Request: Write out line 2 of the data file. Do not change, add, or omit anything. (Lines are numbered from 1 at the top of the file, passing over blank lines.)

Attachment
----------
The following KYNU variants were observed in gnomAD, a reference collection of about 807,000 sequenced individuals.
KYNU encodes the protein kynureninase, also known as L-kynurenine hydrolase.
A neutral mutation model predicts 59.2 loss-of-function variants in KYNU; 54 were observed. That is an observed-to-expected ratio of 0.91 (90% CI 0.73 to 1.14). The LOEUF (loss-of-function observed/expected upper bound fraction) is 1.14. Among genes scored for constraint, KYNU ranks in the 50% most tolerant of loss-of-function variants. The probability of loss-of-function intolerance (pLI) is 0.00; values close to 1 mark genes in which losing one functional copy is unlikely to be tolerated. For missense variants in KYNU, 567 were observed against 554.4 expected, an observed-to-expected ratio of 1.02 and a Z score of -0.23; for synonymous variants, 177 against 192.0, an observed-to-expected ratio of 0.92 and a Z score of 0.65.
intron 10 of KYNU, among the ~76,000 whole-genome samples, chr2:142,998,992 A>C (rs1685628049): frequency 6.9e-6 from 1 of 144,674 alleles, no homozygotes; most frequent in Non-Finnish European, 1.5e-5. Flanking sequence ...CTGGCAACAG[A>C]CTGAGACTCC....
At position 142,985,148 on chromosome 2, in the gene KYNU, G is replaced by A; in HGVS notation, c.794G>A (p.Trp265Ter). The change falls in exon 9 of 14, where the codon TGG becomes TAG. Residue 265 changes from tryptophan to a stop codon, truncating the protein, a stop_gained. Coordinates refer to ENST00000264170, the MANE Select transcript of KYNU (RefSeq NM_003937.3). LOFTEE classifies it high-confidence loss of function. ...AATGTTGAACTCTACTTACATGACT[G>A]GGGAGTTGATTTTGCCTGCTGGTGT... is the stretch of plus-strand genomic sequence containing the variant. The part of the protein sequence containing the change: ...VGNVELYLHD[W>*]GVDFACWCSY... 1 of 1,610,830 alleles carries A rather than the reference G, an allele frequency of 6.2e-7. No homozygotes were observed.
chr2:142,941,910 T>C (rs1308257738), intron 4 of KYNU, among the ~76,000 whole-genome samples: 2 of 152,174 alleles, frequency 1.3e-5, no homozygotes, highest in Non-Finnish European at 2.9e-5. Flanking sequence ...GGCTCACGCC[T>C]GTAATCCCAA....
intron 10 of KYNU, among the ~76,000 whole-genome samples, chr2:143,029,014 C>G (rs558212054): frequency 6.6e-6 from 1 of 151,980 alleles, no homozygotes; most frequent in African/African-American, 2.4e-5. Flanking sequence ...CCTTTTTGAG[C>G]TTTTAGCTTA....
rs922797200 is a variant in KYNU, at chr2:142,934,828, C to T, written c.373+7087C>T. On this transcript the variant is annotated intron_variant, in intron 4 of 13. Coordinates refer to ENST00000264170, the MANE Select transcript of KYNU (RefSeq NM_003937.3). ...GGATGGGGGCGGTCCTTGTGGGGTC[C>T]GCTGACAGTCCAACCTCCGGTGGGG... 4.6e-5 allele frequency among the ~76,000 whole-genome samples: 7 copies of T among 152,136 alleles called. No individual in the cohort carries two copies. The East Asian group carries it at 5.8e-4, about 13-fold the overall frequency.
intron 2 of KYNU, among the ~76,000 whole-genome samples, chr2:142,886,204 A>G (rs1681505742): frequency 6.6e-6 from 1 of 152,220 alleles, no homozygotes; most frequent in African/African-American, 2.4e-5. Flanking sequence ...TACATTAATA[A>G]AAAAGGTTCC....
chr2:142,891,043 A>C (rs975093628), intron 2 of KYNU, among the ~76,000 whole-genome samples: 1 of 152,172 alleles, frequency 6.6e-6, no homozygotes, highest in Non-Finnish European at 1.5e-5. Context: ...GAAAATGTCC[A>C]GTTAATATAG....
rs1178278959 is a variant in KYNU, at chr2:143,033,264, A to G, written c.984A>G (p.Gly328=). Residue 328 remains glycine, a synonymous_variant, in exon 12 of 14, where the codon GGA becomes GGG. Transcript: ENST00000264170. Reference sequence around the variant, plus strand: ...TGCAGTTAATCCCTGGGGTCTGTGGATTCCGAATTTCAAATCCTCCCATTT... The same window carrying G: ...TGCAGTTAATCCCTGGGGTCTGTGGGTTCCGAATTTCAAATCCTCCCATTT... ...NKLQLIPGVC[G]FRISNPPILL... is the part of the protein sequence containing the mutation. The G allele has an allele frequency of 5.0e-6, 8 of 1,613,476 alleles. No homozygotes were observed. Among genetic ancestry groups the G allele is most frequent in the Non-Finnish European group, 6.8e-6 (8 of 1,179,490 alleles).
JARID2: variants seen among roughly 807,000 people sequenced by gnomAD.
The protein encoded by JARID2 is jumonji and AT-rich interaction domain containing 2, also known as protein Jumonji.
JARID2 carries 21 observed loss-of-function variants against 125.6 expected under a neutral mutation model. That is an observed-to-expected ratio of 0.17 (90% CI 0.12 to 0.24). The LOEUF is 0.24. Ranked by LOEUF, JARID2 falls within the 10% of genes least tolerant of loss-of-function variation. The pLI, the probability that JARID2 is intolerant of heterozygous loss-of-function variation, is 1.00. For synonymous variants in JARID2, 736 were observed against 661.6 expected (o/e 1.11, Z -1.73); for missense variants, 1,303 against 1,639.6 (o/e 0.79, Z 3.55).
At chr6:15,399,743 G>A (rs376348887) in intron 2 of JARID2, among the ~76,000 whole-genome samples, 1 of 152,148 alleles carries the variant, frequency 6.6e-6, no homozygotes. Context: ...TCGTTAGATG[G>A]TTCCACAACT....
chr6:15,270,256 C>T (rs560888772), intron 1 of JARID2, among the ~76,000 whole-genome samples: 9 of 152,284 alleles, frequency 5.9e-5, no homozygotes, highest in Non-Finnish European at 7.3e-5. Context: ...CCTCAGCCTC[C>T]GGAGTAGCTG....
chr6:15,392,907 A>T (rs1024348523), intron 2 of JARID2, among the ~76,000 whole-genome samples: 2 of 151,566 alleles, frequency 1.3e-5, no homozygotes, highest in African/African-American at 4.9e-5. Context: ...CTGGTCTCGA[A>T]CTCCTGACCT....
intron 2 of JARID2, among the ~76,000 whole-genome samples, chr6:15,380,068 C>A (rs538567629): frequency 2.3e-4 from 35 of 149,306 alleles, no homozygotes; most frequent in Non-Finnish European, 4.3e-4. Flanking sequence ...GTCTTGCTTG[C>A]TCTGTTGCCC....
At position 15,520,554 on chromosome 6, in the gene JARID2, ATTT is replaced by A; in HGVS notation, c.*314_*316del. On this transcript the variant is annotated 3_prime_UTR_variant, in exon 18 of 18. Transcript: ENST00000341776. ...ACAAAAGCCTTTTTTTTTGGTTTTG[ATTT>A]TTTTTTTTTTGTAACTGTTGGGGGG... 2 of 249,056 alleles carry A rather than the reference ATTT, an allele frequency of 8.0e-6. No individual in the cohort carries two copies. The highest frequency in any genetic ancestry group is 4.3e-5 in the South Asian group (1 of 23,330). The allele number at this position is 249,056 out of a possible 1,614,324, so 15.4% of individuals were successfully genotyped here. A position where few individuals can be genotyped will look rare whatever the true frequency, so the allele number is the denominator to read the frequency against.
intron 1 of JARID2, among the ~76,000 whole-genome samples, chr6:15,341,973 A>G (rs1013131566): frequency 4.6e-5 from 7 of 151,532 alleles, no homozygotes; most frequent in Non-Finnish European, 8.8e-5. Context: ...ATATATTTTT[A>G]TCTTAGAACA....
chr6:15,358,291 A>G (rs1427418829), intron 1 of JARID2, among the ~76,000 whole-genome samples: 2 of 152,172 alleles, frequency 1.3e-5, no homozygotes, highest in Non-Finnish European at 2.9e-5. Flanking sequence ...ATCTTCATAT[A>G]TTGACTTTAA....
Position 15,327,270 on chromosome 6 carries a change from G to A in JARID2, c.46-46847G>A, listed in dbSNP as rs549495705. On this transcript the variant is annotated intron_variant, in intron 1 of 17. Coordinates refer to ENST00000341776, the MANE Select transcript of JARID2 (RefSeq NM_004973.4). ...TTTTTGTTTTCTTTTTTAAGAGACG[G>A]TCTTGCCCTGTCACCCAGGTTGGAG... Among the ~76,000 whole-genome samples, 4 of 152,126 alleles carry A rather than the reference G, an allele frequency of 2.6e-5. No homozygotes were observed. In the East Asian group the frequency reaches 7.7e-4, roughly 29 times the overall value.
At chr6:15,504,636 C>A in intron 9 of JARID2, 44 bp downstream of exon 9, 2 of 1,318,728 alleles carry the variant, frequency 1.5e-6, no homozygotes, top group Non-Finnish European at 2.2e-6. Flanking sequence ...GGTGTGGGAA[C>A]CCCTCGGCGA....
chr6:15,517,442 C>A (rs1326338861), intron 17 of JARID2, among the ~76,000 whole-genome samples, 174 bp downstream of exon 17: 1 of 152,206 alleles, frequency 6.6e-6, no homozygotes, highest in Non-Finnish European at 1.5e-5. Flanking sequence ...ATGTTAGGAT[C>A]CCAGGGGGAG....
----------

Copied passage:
KYNU encodes the protein kynureninase, also known as L-kynurenine hydrolase.